Master Thesis Project: Ancient DNA from malaria
With an estimated 241 million cases and 627.000 deaths in 2020, malaria is one of the deadliest diseases in the world today. The causative agents of malaria, Plasmodium spp., are thought to have infected humans since pre-historic times, but there is no direct evidence to support this as the disease leaves no physical traces on skeletal remains. In this Master thesis project, the student will use ancient DNA to study malaria in order to provide a first glimpse into the genetic makeup of past Plasmodium strains. The overall aim of the project will be to design and test a DNA capture array on three samples where preliminary sequencing results show presence of small amounts of Plasmodium DNA.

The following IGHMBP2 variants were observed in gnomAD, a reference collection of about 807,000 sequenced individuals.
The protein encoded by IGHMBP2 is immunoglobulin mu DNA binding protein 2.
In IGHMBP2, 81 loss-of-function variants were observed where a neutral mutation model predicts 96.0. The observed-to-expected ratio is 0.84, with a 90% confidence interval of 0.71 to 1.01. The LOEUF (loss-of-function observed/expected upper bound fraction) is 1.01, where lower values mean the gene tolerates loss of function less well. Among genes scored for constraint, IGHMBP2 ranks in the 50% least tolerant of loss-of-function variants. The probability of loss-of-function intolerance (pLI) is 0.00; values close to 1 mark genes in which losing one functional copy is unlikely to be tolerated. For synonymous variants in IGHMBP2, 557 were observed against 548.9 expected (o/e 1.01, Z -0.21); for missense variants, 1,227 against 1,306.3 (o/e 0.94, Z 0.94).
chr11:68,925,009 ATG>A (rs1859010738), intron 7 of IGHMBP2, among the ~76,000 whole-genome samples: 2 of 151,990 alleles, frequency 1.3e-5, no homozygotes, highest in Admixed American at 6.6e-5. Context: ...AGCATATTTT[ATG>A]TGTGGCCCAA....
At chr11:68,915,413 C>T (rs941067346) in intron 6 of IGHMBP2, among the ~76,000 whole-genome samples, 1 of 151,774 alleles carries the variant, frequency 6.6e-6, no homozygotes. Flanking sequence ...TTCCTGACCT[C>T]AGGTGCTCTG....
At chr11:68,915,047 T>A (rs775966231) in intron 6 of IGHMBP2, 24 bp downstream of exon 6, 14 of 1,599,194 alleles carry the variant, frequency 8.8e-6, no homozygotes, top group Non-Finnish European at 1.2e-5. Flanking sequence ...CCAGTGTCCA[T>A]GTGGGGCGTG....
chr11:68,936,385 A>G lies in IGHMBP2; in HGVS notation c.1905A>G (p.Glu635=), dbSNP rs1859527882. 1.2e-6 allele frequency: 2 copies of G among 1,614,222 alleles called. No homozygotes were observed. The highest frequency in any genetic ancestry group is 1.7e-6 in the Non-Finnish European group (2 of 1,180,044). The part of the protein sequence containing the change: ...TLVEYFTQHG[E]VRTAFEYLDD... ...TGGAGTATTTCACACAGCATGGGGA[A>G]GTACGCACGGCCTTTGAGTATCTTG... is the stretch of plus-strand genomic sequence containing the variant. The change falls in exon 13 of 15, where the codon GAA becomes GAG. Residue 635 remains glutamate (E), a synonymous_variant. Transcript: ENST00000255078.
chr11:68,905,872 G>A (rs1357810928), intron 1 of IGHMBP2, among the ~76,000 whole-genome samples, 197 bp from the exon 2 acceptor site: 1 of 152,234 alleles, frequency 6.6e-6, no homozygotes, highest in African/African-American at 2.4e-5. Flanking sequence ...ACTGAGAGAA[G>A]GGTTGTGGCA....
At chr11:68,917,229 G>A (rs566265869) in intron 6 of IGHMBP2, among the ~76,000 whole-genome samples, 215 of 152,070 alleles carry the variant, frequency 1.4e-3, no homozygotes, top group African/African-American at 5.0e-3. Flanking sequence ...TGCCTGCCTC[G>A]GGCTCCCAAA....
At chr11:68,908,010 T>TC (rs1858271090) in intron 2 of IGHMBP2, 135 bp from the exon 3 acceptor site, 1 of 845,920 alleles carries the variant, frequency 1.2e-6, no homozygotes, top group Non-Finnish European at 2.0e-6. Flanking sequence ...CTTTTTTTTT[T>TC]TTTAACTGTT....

Methods: During this project you will learn the laboratory work for ancient DNA sequencing, from DNA extraction over DNA library building to sequencing on the Illumina platform. Furthermore, you will learn the bioinformatics workflow for data analysis of large quantities of sequencing data on our high-performance computing cluster.
Your qualifications: You are a highly motivated student with a background in biology, human biology, molecular biomedicine or similar. Preferably, you have experience in basic DNA laboratory work and in data analysis of large datasets using R, python or similar.
Frederik Seersholm & Martin Sikora